I could go on and on and on (and on) but let me save my breath - my warnings in late 07 and early 08 about Fanfredron (fannie + freddie + enron) went on deaf ears, so instead I'll clap and say good on you folks. Buying a $115K house for 67 cents is something our foreign readers must only cry in agony they have no opportunity to do. Those darn French and Germans still have to pay 20% down (snicker).
Can you see the 3 AM informercial now?
"For less than the price of a candy bar, you too can be a home 'owner'. Only in America!"
Next step as we wind our way through the Ponzi Matrix? When the government pays YOU to buy the home.
- When the housing bubble burst, one of the culprits, economists agreed, was exotic mortgages, including those that required little or no money down. But on a recent evening, Matthew and Hannah Middlebrooke stood in their new $115,000 three-bedroom ranch house here, which Mr. Middlebrooke bought in June with just $1,000 down. (well at least he had $1000 saved)
- Because he also received a grant to cover closing costs and insurance, the check he wrote at the closing was for 67 cents. (well at least he had 67 cents saved) “I thought I’d be stuck renting for years,” said Mr. Middlebrooke, 26, who earns $32,000 a year as a producer for a Christian television ministry.
- Although home foreclosures are again expected to top two million this year, Fannie Mae, the lending giant that required a government takeover, is creeping back into the market for mortgages with no down payment.
- Mr. Middlebrooke’s mortgage came from a new program called Affordable Advantage, available to first-time home buyers in four states and created in conjunction with the states’ housing finance agencies.
- Some experts are concerned about the revival of such mortgages. “Loans that have zero down payment perform worse than loans with down payments,” said Mathew Scire, a director of the Government Accountability Office’s financial markets and community investment team. “And loans with down payment assistance” — like Mr. Middlebrooke’s — “perform worse than those that do not.” (you and your... your... facts!)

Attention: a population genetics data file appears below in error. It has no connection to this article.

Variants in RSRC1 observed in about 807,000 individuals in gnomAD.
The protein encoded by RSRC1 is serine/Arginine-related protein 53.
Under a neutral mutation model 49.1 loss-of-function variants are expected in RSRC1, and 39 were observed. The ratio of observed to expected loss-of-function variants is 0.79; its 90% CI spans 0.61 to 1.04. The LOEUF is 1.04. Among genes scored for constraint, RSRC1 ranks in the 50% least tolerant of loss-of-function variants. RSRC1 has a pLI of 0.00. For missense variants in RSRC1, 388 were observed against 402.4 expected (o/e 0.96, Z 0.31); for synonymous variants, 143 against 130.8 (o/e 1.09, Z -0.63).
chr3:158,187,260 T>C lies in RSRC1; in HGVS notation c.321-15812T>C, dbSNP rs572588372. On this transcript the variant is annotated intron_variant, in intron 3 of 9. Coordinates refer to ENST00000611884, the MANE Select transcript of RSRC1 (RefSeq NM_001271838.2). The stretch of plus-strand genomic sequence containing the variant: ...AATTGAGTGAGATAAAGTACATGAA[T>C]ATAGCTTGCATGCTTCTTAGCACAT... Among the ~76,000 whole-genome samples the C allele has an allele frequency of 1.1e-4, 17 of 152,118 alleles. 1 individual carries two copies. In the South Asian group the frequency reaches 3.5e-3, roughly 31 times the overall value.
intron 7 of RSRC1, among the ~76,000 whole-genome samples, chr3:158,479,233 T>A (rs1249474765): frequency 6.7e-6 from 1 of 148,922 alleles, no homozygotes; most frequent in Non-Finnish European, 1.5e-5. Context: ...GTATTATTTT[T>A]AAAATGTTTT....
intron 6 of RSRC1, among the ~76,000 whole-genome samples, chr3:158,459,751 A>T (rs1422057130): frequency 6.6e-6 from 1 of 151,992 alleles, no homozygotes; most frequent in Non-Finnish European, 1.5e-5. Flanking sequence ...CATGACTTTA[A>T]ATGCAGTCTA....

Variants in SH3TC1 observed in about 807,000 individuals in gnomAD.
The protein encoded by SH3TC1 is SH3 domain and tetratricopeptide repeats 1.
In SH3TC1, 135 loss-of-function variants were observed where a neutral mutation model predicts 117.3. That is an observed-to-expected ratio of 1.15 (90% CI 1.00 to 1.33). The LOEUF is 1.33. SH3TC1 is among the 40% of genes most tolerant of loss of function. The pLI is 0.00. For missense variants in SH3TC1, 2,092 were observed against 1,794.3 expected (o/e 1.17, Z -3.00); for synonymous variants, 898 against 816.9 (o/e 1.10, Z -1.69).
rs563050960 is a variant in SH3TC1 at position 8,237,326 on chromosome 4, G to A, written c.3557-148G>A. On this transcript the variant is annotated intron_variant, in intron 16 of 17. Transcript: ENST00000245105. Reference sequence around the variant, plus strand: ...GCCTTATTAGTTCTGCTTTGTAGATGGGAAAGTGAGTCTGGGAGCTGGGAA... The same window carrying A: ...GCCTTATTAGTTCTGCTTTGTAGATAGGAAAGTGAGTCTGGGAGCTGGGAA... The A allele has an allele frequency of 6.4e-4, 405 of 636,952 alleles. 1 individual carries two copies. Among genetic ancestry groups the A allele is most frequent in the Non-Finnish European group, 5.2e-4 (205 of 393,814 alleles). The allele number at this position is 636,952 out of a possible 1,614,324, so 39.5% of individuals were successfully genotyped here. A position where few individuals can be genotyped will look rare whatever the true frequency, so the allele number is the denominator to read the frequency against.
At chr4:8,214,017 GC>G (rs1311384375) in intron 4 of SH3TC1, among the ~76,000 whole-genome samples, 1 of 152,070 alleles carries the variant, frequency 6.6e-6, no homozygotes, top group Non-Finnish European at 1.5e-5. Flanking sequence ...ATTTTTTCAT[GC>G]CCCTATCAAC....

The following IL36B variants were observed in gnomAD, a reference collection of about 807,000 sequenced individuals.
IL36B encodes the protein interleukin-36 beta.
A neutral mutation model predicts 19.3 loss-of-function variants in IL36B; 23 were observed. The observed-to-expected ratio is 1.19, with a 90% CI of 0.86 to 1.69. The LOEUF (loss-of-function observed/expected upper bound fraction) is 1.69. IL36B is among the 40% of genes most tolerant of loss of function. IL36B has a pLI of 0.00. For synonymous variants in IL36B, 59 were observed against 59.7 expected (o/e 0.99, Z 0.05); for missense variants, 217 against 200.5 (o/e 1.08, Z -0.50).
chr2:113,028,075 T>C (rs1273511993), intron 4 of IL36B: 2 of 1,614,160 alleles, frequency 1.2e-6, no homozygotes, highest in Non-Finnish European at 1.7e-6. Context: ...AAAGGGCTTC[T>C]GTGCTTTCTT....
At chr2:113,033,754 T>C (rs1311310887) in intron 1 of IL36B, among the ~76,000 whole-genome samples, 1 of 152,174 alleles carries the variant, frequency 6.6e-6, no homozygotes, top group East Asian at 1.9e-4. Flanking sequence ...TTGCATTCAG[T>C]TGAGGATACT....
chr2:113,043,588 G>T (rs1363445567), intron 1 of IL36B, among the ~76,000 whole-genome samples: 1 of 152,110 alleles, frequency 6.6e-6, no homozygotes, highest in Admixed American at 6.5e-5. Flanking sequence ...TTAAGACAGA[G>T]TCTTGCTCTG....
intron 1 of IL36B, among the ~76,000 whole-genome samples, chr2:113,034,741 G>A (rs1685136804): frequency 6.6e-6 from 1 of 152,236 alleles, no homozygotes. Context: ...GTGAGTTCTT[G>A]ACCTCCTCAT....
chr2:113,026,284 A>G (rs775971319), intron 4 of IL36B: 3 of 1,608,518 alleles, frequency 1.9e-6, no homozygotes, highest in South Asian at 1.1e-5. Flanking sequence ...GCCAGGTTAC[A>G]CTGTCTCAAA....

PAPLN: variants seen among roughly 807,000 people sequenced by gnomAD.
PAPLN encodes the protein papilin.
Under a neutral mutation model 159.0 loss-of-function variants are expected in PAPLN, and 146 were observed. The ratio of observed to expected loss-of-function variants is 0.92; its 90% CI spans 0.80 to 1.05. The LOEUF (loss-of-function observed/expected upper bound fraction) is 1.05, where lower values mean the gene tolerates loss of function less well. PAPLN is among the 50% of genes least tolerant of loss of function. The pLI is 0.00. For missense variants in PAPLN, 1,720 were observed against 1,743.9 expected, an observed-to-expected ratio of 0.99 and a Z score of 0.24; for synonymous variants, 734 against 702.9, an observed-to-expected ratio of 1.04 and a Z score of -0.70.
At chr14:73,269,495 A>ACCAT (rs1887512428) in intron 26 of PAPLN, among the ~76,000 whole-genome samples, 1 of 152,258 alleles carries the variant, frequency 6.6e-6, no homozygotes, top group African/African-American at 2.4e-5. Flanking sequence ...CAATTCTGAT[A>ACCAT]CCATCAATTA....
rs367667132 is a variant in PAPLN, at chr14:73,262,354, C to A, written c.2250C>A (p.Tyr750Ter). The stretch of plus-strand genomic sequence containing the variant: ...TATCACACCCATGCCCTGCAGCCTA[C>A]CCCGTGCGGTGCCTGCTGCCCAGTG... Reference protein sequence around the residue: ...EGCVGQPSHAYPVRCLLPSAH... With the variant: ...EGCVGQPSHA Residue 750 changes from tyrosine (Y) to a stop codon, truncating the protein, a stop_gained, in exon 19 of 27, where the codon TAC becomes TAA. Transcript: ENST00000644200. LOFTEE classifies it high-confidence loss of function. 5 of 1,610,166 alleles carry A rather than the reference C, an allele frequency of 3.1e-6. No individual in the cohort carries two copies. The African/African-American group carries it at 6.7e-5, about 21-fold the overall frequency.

- “This is subprime lending done right,” said John Taylor, president of the National Community Reinvestment Coalition, an umbrella group for 600 community organizations, and a staunch critic of the lending industry. “If they had done subprime this way in the first place, we wouldn’t have these problems.” (yeh! Wait, I thought people who could not even save 3% down used to be called renters? Nevermind - that's old school)
- The loans are 30-year fixed mortgages, with mandatory homeownership counseling, available to people with credit scores of 680 and above (720 in Massachusetts). The buyers have to put in $1,000 and must live in the homes. After six months, there are no delinquencies so far, said Kate Venne, a spokeswoman for the agency. (whew, made it through 6 months.... coast is clear)
- The agencies buy the loans from lenders, then sell them as securities to Fannie Mae. Because the government now owns 80 percent of Fannie Mae, taxpayers are on the hook if the loans go bad.
[Aug 13, 2010: Luxury NYC Condos Now Get FHA Backing]
[Feb 9, 2010: WSJ - No Exit in Sight for US as Fannie, Freddie Flail]
[Nov 18, 2009: Toll Brothers CEO - "Yesterday's Subprime is Today's FHA"]
[Sep 7, 2008: Bailout Nation Continues - Fannie/Freddie Now Owned by You]